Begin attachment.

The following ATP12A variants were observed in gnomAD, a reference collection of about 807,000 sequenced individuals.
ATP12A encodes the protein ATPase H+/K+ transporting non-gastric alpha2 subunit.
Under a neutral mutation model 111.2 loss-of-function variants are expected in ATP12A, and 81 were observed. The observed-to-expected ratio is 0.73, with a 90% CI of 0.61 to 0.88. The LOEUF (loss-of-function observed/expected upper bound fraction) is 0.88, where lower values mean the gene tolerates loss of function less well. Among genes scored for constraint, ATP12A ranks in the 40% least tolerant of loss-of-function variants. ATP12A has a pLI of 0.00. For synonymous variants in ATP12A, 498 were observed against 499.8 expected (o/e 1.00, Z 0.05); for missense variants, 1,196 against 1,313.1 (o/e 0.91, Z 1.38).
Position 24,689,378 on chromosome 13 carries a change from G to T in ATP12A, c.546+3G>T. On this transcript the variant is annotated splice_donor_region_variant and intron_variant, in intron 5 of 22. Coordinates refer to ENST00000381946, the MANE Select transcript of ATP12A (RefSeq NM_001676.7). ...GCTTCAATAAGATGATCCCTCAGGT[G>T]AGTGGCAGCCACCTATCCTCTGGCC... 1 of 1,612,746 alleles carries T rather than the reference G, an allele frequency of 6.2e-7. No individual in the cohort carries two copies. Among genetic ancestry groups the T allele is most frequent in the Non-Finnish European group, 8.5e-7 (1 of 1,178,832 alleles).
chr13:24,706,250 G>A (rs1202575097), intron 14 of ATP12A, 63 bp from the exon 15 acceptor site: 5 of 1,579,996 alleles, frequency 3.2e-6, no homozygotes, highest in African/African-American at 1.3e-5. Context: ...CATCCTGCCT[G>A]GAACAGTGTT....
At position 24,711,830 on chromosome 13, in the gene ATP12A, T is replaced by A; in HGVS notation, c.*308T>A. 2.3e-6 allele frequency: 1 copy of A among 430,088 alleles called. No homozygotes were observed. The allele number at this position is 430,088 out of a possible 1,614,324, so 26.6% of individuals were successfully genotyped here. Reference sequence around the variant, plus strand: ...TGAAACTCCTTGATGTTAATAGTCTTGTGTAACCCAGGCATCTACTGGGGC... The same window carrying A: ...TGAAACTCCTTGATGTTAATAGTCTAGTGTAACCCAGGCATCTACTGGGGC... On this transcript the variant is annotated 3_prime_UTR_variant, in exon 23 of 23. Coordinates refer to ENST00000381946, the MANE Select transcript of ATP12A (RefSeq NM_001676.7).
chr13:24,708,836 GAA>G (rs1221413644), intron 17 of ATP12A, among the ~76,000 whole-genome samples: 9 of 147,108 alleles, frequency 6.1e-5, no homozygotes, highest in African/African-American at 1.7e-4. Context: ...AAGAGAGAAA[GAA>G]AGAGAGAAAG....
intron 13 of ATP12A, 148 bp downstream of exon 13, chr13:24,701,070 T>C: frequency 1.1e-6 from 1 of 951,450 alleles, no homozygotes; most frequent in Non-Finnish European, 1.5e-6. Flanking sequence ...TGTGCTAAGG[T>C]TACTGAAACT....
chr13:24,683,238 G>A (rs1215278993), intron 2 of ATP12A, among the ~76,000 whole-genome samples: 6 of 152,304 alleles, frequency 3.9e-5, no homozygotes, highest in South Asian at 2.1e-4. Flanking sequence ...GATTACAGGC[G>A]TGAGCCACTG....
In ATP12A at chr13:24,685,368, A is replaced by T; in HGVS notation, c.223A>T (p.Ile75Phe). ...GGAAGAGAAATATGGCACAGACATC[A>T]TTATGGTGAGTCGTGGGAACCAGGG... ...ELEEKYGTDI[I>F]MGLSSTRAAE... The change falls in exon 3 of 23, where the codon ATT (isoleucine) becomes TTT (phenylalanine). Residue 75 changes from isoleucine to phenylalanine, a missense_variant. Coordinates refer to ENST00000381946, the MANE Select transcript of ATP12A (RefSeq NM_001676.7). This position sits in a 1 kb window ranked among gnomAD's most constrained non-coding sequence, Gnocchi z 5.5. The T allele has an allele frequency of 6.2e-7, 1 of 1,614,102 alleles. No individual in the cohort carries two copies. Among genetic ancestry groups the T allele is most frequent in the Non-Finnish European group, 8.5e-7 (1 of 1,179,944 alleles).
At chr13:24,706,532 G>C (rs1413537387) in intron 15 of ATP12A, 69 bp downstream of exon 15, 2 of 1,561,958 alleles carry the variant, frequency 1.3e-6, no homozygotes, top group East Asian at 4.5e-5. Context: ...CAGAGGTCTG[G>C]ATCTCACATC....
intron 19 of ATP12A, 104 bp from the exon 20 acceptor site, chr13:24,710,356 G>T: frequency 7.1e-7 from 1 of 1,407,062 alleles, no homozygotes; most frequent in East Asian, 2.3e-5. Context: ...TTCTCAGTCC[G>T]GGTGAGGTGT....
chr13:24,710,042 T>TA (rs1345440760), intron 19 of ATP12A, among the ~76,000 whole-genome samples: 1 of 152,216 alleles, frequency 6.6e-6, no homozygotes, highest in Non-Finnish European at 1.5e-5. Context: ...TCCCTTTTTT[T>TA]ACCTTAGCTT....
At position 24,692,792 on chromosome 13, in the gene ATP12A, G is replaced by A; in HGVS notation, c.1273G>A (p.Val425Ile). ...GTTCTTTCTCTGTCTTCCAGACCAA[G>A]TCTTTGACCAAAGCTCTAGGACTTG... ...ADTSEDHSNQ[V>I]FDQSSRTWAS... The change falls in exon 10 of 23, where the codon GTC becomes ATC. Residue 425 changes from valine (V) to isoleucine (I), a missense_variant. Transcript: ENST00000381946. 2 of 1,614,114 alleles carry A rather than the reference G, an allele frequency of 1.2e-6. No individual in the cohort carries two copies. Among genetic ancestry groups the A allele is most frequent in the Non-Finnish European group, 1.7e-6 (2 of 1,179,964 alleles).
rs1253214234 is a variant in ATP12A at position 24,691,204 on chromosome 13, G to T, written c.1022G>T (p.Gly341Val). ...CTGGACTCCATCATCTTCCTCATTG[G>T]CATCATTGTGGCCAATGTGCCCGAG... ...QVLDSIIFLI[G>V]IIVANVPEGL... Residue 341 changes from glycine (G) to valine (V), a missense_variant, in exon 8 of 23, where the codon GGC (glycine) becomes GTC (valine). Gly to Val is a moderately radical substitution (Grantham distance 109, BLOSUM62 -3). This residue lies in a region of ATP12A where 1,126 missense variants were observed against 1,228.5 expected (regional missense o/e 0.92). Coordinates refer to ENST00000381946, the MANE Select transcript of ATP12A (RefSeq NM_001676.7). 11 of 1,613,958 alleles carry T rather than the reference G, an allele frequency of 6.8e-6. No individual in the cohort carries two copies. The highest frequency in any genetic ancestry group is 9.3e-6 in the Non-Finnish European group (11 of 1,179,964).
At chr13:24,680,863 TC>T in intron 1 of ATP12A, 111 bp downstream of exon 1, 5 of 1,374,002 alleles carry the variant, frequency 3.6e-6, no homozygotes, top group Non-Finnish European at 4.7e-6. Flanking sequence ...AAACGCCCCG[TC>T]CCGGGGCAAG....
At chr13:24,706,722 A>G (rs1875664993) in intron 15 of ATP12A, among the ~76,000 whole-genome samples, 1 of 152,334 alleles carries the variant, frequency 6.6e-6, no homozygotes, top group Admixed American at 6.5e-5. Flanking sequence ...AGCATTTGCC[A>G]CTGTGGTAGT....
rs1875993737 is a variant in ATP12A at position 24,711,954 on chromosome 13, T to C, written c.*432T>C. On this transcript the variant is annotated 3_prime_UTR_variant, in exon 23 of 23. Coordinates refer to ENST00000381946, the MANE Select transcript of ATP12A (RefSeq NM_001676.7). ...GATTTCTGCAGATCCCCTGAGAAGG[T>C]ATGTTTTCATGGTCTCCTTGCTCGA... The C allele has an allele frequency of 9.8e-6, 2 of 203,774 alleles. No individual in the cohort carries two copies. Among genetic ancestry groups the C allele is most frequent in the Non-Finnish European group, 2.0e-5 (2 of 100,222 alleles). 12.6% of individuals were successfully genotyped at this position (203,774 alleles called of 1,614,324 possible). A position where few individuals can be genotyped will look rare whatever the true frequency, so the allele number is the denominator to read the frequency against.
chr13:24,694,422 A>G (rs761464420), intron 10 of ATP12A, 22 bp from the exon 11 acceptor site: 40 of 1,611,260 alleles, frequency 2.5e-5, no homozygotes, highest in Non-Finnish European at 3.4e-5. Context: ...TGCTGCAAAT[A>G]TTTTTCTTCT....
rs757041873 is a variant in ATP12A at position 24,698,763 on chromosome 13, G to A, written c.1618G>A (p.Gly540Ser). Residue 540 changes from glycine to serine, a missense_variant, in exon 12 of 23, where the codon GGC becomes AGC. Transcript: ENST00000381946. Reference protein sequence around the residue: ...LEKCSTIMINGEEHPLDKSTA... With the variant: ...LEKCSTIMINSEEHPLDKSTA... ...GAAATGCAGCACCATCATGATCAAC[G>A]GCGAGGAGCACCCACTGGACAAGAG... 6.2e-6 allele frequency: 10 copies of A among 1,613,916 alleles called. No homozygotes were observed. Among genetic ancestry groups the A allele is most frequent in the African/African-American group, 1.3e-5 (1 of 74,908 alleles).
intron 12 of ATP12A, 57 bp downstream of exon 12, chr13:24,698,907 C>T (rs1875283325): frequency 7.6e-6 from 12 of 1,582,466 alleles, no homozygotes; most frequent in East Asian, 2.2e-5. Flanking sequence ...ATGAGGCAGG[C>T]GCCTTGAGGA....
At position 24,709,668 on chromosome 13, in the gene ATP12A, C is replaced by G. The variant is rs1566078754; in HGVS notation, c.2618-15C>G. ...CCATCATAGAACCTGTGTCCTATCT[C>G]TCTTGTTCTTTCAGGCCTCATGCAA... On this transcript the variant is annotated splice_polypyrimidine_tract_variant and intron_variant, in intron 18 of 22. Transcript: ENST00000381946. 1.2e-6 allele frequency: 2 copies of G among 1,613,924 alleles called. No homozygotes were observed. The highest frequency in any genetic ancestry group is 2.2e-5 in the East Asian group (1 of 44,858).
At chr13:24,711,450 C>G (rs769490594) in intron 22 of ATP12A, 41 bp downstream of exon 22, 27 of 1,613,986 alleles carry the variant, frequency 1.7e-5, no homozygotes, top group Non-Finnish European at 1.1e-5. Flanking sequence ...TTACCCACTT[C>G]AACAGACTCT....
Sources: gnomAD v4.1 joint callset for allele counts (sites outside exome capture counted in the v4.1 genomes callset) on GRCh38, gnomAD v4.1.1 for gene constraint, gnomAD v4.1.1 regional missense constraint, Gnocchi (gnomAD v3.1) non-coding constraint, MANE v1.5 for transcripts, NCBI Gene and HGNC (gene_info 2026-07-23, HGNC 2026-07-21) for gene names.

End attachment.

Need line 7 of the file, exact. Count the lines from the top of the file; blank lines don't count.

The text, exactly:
chr13:24,708,836 GAA>G (rs1221413644), intron 17 of ATP12A, among the ~76,000 whole-genome samples: 9 of 147,108 alleles, frequency 6.1e-5, no homozygotes, highest in African/African-American at 1.7e-4. Context: ...AAGAGAGAAA[GAA>G]AGAGAGAAAG....